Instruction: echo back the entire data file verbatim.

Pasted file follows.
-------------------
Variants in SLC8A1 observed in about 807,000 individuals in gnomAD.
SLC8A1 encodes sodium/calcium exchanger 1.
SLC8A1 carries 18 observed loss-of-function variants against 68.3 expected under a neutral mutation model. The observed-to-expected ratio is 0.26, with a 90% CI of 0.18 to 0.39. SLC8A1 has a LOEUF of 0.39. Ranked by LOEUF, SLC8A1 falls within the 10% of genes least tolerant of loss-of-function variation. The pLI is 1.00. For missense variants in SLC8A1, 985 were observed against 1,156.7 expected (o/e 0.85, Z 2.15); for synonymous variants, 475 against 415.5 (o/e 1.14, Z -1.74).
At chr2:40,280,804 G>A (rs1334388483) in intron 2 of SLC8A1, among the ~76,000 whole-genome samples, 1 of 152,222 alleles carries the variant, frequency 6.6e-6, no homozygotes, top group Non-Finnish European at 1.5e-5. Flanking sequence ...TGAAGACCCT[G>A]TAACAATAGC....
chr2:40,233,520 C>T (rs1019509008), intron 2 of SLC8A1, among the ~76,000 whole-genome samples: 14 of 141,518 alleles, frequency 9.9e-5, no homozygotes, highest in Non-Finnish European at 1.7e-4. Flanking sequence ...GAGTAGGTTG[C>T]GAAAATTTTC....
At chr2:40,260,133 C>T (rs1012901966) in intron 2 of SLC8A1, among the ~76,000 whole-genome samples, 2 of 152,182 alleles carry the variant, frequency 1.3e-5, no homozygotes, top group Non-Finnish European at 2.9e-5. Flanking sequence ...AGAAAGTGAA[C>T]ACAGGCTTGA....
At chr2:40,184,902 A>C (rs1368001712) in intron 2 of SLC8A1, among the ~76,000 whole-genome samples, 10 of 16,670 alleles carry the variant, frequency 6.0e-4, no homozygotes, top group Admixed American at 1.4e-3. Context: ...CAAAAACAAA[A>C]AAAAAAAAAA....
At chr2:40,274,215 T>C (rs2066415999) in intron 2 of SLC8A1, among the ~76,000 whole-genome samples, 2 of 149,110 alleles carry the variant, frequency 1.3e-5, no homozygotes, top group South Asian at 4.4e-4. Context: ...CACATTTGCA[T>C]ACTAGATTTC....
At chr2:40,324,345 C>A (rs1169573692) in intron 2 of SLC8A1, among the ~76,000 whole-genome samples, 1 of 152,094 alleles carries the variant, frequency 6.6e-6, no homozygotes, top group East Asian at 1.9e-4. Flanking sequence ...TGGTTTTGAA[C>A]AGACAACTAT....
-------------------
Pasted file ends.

Variants in SLC8A1 observed in about 807,000 individuals in gnomAD.
SLC8A1 encodes sodium/calcium exchanger 1.
SLC8A1 carries 18 observed loss-of-function variants against 68.3 expected under a neutral mutation model. The observed-to-expected ratio is 0.26, with a 90% CI of 0.18 to 0.39. SLC8A1 has a LOEUF of 0.39. Ranked by LOEUF, SLC8A1 falls within the 10% of genes least tolerant of loss-of-function variation. The pLI is 1.00. For missense variants in SLC8A1, 985 were observed against 1,156.7 expected (o/e 0.85, Z 2.15); for synonymous variants, 475 against 415.5 (o/e 1.14, Z -1.74).
At chr2:40,280,804 G>A (rs1334388483) in intron 2 of SLC8A1, among the ~76,000 whole-genome samples, 1 of 152,222 alleles carries the variant, frequency 6.6e-6, no homozygotes, top group Non-Finnish European at 1.5e-5. Flanking sequence ...TGAAGACCCT[G>A]TAACAATAGC....
chr2:40,233,520 C>T (rs1019509008), intron 2 of SLC8A1, among the ~76,000 whole-genome samples: 14 of 141,518 alleles, frequency 9.9e-5, no homozygotes, highest in Non-Finnish European at 1.7e-4. Flanking sequence ...GAGTAGGTTG[C>T]GAAAATTTTC....
At chr2:40,260,133 C>T (rs1012901966) in intron 2 of SLC8A1, among the ~76,000 whole-genome samples, 2 of 152,182 alleles carry the variant, frequency 1.3e-5, no homozygotes, top group Non-Finnish European at 2.9e-5. Flanking sequence ...AGAAAGTGAA[C>T]ACAGGCTTGA....
At chr2:40,184,902 A>C (rs1368001712) in intron 2 of SLC8A1, among the ~76,000 whole-genome samples, 10 of 16,670 alleles carry the variant, frequency 6.0e-4, no homozygotes, top group Admixed American at 1.4e-3. Context: ...CAAAAACAAA[A>C]AAAAAAAAAA....
At chr2:40,274,215 T>C (rs2066415999) in intron 2 of SLC8A1, among the ~76,000 whole-genome samples, 2 of 149,110 alleles carry the variant, frequency 1.3e-5, no homozygotes, top group South Asian at 4.4e-4. Context: ...CACATTTGCA[T>C]ACTAGATTTC....
At chr2:40,324,345 C>A (rs1169573692) in intron 2 of SLC8A1, among the ~76,000 whole-genome samples, 1 of 152,094 alleles carries the variant, frequency 6.6e-6, no homozygotes, top group East Asian at 1.9e-4. Flanking sequence ...TGGTTTTGAA[C>A]AGACAACTAT....